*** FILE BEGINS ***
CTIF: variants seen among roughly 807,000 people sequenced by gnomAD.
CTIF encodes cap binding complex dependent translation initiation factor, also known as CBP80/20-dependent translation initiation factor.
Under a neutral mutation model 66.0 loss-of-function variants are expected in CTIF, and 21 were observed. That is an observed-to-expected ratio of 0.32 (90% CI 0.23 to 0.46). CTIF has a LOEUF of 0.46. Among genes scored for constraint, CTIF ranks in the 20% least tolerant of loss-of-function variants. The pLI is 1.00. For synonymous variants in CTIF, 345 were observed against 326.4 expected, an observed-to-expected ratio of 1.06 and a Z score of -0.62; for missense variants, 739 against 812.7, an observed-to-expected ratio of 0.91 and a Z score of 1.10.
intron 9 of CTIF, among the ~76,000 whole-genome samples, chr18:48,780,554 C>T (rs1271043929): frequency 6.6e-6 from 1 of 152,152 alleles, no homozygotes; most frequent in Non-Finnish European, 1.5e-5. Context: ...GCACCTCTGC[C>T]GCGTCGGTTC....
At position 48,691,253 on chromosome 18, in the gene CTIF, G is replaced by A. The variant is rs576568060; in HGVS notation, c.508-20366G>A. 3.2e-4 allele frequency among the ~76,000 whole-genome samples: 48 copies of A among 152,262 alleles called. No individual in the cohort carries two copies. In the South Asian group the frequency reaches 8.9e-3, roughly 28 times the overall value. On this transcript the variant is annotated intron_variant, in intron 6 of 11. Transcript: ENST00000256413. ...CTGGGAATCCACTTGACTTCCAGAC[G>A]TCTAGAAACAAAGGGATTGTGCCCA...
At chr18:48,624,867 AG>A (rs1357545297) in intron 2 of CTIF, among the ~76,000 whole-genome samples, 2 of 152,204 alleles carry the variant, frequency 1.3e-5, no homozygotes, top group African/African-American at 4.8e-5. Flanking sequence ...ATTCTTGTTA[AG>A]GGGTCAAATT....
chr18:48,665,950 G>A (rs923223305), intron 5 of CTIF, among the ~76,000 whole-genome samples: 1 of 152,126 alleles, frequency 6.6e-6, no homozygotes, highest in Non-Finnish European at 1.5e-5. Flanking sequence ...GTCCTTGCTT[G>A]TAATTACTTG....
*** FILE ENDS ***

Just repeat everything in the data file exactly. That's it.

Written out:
CTIF: variants seen among roughly 807,000 people sequenced by gnomAD.
CTIF encodes cap binding complex dependent translation initiation factor, also known as CBP80/20-dependent translation initiation factor.
Under a neutral mutation model 66.0 loss-of-function variants are expected in CTIF, and 21 were observed. That is an observed-to-expected ratio of 0.32 (90% CI 0.23 to 0.46). CTIF has a LOEUF of 0.46. Among genes scored for constraint, CTIF ranks in the 20% least tolerant of loss-of-function variants. The pLI is 1.00. For synonymous variants in CTIF, 345 were observed against 326.4 expected, an observed-to-expected ratio of 1.06 and a Z score of -0.62; for missense variants, 739 against 812.7, an observed-to-expected ratio of 0.91 and a Z score of 1.10.
intron 9 of CTIF, among the ~76,000 whole-genome samples, chr18:48,780,554 C>T (rs1271043929): frequency 6.6e-6 from 1 of 152,152 alleles, no homozygotes; most frequent in Non-Finnish European, 1.5e-5. Context: ...GCACCTCTGC[C>T]GCGTCGGTTC....
At position 48,691,253 on chromosome 18, in the gene CTIF, G is replaced by A. The variant is rs576568060; in HGVS notation, c.508-20366G>A. 3.2e-4 allele frequency among the ~76,000 whole-genome samples: 48 copies of A among 152,262 alleles called. No individual in the cohort carries two copies. In the South Asian group the frequency reaches 8.9e-3, roughly 28 times the overall value. On this transcript the variant is annotated intron_variant, in intron 6 of 11. Transcript: ENST00000256413. ...CTGGGAATCCACTTGACTTCCAGAC[G>A]TCTAGAAACAAAGGGATTGTGCCCA...
At chr18:48,624,867 AG>A (rs1357545297) in intron 2 of CTIF, among the ~76,000 whole-genome samples, 2 of 152,204 alleles carry the variant, frequency 1.3e-5, no homozygotes, top group African/African-American at 4.8e-5. Flanking sequence ...ATTCTTGTTA[AG>A]GGGTCAAATT....
chr18:48,665,950 G>A (rs923223305), intron 5 of CTIF, among the ~76,000 whole-genome samples: 1 of 152,126 alleles, frequency 6.6e-6, no homozygotes, highest in Non-Finnish European at 1.5e-5. Flanking sequence ...GTCCTTGCTT[G>A]TAATTACTTG....